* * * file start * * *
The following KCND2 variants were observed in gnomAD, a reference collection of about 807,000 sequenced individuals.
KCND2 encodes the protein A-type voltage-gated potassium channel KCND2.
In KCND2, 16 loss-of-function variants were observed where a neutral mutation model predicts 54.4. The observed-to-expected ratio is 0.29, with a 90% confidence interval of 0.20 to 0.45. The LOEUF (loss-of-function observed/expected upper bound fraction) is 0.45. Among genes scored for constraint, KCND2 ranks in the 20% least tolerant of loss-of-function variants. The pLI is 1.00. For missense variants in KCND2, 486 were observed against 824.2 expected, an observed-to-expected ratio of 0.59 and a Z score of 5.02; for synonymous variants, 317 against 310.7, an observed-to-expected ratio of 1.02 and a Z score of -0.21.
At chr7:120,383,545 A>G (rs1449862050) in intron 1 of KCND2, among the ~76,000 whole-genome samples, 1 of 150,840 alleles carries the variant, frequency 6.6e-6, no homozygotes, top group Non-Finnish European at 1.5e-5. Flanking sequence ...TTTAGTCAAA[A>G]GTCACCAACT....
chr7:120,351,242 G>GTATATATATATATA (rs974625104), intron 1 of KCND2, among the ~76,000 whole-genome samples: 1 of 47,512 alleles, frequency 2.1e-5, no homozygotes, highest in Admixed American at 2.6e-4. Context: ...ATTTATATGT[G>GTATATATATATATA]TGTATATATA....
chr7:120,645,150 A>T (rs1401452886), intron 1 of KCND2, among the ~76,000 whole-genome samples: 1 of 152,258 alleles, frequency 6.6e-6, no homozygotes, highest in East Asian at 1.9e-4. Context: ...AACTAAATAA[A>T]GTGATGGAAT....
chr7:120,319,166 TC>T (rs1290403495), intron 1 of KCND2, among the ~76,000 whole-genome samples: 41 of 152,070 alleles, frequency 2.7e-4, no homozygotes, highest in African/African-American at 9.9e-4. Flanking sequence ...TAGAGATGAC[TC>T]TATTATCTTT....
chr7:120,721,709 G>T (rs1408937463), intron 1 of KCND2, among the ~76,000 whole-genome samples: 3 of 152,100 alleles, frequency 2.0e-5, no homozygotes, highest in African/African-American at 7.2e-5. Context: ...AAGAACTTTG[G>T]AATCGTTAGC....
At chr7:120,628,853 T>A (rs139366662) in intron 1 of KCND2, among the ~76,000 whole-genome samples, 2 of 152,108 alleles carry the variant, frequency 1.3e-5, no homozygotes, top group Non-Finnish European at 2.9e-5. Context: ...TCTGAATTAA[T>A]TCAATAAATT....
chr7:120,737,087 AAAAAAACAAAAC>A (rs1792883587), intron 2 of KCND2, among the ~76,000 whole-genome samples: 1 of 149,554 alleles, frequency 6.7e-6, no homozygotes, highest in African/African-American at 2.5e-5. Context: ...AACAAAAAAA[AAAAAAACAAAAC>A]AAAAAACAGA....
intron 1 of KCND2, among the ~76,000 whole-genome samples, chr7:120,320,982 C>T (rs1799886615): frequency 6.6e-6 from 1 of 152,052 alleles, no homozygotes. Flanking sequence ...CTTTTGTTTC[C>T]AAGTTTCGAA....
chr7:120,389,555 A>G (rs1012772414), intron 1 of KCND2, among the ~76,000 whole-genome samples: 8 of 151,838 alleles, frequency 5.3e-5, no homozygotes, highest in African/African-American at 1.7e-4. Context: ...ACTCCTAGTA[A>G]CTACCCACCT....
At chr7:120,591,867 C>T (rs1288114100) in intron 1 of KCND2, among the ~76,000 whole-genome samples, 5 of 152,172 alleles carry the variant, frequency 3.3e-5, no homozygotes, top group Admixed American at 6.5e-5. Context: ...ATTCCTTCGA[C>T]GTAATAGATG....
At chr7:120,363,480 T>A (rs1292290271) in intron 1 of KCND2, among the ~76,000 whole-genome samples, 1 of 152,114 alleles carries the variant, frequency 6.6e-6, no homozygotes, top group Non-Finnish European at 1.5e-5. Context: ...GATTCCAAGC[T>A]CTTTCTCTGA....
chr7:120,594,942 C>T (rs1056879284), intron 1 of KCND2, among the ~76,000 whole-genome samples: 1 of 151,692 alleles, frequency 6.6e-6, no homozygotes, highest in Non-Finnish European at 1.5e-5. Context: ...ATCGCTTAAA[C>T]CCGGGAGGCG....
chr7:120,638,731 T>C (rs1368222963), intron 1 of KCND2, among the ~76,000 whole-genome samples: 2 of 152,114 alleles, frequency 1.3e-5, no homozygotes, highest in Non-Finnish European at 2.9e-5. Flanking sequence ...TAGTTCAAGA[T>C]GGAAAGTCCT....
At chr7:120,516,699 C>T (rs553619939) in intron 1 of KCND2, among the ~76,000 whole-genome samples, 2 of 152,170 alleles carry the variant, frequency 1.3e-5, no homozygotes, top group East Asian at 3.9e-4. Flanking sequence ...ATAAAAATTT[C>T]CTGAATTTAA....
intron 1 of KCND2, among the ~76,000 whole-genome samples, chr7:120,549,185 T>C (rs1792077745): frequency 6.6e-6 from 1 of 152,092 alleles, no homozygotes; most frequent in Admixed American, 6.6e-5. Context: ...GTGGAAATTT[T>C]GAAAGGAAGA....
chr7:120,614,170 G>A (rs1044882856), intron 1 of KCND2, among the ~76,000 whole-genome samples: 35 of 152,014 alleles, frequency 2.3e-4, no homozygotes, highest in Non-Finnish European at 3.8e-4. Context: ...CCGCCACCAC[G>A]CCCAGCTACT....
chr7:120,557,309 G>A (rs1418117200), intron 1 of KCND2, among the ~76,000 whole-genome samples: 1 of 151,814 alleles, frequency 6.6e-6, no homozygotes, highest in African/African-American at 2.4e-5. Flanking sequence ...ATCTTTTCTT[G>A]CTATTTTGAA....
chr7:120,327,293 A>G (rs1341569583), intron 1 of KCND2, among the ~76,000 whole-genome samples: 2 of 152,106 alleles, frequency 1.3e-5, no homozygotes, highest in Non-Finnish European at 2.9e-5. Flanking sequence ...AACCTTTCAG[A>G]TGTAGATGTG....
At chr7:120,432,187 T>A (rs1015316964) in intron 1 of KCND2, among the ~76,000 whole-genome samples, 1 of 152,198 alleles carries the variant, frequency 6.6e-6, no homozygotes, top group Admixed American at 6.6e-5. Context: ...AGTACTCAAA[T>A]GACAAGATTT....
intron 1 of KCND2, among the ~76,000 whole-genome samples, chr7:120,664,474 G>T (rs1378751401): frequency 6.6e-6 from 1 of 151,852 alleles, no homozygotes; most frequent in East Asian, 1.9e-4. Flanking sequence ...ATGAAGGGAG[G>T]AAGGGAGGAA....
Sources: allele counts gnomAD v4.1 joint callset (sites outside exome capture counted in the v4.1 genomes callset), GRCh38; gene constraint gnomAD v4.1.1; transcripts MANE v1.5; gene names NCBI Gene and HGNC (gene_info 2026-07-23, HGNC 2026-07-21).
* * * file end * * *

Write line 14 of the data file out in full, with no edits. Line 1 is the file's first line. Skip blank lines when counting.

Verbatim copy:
At chr7:120,363,480 T>A (rs1292290271) in intron 1 of KCND2, among the ~76,000 whole-genome samples, 1 of 152,114 alleles carries the variant, frequency 6.6e-6, no homozygotes, top group Non-Finnish European at 1.5e-5. Context: ...GATTCCAAGC[T>A]CTTTCTCTGA....